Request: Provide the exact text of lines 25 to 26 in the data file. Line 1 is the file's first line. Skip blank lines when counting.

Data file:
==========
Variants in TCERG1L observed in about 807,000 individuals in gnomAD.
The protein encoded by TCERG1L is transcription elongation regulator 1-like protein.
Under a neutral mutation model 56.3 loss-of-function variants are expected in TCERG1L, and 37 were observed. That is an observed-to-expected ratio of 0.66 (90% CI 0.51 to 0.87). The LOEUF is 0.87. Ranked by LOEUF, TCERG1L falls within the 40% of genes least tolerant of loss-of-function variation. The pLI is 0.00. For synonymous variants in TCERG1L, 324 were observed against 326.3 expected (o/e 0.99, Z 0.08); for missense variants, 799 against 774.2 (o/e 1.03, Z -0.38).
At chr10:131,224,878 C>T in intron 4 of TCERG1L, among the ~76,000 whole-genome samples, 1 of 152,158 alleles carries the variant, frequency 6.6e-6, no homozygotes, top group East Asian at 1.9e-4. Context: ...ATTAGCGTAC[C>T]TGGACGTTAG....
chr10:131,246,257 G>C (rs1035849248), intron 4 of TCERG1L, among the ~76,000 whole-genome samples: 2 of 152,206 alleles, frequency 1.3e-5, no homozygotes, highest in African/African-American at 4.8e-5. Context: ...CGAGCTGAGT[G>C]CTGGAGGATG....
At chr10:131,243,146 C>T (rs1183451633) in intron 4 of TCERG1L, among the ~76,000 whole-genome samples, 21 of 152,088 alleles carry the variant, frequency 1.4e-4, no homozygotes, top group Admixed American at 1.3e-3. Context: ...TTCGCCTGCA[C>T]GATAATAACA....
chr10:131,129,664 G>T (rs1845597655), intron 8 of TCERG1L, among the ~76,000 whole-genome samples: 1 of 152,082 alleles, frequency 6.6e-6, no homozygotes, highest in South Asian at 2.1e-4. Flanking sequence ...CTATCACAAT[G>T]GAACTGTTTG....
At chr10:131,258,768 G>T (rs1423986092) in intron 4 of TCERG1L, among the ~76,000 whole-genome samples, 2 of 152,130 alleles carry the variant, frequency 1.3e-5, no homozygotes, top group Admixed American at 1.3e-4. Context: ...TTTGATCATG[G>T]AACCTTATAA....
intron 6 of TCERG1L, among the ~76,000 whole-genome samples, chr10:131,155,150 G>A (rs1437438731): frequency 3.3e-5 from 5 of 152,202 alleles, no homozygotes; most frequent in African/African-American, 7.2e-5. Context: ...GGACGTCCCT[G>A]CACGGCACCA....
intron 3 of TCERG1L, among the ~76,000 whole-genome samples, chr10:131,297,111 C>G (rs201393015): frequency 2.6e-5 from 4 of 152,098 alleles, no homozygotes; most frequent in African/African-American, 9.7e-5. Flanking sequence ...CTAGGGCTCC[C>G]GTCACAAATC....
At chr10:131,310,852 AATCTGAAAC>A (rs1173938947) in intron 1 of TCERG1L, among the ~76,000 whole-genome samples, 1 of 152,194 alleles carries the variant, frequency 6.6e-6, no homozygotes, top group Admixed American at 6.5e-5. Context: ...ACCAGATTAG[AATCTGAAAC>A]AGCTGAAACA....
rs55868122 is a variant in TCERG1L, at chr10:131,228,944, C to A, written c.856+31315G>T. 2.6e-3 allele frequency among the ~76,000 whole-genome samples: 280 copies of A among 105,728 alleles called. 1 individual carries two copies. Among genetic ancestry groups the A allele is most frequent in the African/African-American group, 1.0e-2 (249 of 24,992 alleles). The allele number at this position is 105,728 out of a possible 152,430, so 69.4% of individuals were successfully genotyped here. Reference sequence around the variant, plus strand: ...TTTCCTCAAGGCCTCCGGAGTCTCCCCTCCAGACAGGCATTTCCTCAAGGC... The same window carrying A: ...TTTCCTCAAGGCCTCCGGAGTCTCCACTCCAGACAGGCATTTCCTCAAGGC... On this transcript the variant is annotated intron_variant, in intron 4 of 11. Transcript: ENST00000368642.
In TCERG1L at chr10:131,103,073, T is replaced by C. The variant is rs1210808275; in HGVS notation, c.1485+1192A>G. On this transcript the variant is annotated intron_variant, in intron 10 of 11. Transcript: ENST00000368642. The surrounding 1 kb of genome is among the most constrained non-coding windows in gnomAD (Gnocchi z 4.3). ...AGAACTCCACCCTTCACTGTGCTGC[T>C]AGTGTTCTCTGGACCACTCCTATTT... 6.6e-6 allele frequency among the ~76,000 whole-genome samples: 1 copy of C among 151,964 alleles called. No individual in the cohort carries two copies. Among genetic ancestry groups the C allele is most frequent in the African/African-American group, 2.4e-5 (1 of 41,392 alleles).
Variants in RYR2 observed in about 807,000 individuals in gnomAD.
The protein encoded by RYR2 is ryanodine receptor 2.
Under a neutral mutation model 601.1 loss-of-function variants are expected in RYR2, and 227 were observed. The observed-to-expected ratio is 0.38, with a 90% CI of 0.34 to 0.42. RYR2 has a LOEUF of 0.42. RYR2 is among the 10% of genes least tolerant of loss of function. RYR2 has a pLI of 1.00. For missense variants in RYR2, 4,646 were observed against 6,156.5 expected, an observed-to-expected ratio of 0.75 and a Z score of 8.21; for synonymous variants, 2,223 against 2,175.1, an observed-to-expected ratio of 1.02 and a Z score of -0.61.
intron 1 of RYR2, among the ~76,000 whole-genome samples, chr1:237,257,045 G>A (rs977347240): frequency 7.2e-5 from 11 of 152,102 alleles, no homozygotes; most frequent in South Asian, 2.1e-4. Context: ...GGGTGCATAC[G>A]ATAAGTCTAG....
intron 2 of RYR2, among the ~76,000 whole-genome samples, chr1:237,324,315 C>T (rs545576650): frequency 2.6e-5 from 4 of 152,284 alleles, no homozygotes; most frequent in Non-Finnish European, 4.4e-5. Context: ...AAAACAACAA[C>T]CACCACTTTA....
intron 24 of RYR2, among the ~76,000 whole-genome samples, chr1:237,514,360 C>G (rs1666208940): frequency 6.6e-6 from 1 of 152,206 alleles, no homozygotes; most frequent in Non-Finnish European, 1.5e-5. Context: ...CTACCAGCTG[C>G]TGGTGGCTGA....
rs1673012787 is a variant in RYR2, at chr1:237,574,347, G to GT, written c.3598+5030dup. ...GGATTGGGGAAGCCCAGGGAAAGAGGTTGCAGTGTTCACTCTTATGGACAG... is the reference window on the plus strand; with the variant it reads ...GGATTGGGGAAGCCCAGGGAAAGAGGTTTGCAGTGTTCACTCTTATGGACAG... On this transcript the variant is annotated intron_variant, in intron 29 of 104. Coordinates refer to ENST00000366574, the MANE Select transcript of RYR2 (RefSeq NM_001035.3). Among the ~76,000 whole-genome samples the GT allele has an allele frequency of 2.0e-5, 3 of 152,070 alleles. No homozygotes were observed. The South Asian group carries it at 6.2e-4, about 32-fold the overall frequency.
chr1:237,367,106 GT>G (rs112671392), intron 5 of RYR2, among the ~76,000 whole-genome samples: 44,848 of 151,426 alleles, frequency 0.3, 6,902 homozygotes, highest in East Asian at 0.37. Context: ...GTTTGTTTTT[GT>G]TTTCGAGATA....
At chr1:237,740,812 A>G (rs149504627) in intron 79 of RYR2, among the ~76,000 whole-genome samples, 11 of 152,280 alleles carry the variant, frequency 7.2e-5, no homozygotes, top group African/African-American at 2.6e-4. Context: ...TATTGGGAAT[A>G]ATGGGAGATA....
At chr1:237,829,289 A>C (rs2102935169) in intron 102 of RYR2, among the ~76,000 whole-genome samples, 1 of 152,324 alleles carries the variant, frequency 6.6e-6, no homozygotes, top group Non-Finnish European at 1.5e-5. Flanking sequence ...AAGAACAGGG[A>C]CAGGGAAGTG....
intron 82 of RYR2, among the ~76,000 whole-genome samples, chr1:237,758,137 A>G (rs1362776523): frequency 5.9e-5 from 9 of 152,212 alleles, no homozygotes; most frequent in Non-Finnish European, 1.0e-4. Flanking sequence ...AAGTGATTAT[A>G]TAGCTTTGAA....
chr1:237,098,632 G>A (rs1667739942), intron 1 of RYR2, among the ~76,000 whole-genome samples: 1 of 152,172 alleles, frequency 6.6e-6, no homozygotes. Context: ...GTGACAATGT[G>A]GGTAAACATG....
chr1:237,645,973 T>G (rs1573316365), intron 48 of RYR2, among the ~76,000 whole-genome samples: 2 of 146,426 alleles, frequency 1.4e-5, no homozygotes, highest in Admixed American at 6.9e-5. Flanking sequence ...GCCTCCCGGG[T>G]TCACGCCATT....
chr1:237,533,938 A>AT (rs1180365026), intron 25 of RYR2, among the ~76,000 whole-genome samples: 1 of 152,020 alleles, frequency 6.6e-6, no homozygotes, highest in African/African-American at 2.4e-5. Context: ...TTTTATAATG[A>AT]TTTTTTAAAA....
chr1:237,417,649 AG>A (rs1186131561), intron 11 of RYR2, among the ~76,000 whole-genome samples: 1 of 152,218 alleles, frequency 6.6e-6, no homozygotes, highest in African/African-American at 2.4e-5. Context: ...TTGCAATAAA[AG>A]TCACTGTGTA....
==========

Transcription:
chr1:237,098,632 G>A (rs1667739942), intron 1 of RYR2, among the ~76,000 whole-genome samples: 1 of 152,172 alleles, frequency 6.6e-6, no homozygotes. Context: ...GTGACAATGT[G>A]GGTAAACATG....
chr1:237,645,973 T>G (rs1573316365), intron 48 of RYR2, among the ~76,000 whole-genome samples: 2 of 146,426 alleles, frequency 1.4e-5, no homozygotes, highest in Admixed American at 6.9e-5. Flanking sequence ...GCCTCCCGGG[T>G]TCACGCCATT....